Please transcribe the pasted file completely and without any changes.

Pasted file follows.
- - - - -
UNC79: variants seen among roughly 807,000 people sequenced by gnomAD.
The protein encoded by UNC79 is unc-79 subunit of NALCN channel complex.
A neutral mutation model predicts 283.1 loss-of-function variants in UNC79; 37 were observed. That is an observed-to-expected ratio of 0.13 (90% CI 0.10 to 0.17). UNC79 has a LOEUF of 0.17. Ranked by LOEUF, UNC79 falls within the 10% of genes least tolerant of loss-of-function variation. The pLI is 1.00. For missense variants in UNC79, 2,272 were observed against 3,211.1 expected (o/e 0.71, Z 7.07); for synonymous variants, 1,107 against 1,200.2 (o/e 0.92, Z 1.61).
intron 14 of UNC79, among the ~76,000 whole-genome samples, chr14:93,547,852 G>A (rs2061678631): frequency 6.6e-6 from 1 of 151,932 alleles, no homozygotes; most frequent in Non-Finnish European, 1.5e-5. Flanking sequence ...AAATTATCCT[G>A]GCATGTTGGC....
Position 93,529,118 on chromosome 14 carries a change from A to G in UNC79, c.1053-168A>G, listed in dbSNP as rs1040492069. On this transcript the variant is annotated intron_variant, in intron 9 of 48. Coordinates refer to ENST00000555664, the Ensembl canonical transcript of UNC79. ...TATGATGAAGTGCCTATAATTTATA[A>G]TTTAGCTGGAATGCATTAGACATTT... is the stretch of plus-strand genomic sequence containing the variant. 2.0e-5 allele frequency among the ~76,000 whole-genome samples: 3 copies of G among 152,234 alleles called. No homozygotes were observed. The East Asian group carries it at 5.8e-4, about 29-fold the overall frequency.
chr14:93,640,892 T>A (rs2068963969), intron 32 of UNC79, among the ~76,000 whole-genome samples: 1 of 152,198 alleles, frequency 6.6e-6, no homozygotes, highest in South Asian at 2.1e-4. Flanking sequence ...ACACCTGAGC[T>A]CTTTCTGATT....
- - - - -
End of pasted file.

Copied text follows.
UNC79: variants seen among roughly 807,000 people sequenced by gnomAD.
The protein encoded by UNC79 is unc-79 subunit of NALCN channel complex.
A neutral mutation model predicts 283.1 loss-of-function variants in UNC79; 37 were observed. That is an observed-to-expected ratio of 0.13 (90% CI 0.10 to 0.17). UNC79 has a LOEUF of 0.17. Ranked by LOEUF, UNC79 falls within the 10% of genes least tolerant of loss-of-function variation. The pLI is 1.00. For missense variants in UNC79, 2,272 were observed against 3,211.1 expected (o/e 0.71, Z 7.07); for synonymous variants, 1,107 against 1,200.2 (o/e 0.92, Z 1.61).
intron 14 of UNC79, among the ~76,000 whole-genome samples, chr14:93,547,852 G>A (rs2061678631): frequency 6.6e-6 from 1 of 151,932 alleles, no homozygotes; most frequent in Non-Finnish European, 1.5e-5. Flanking sequence ...AAATTATCCT[G>A]GCATGTTGGC....
Position 93,529,118 on chromosome 14 carries a change from A to G in UNC79, c.1053-168A>G, listed in dbSNP as rs1040492069. On this transcript the variant is annotated intron_variant, in intron 9 of 48. Coordinates refer to ENST00000555664, the Ensembl canonical transcript of UNC79. ...TATGATGAAGTGCCTATAATTTATA[A>G]TTTAGCTGGAATGCATTAGACATTT... is the stretch of plus-strand genomic sequence containing the variant. 2.0e-5 allele frequency among the ~76,000 whole-genome samples: 3 copies of G among 152,234 alleles called. No homozygotes were observed. The East Asian group carries it at 5.8e-4, about 29-fold the overall frequency.
chr14:93,640,892 T>A (rs2068963969), intron 32 of UNC79, among the ~76,000 whole-genome samples: 1 of 152,198 alleles, frequency 6.6e-6, no homozygotes, highest in South Asian at 2.1e-4. Flanking sequence ...ACACCTGAGC[T>A]CTTTCTGATT....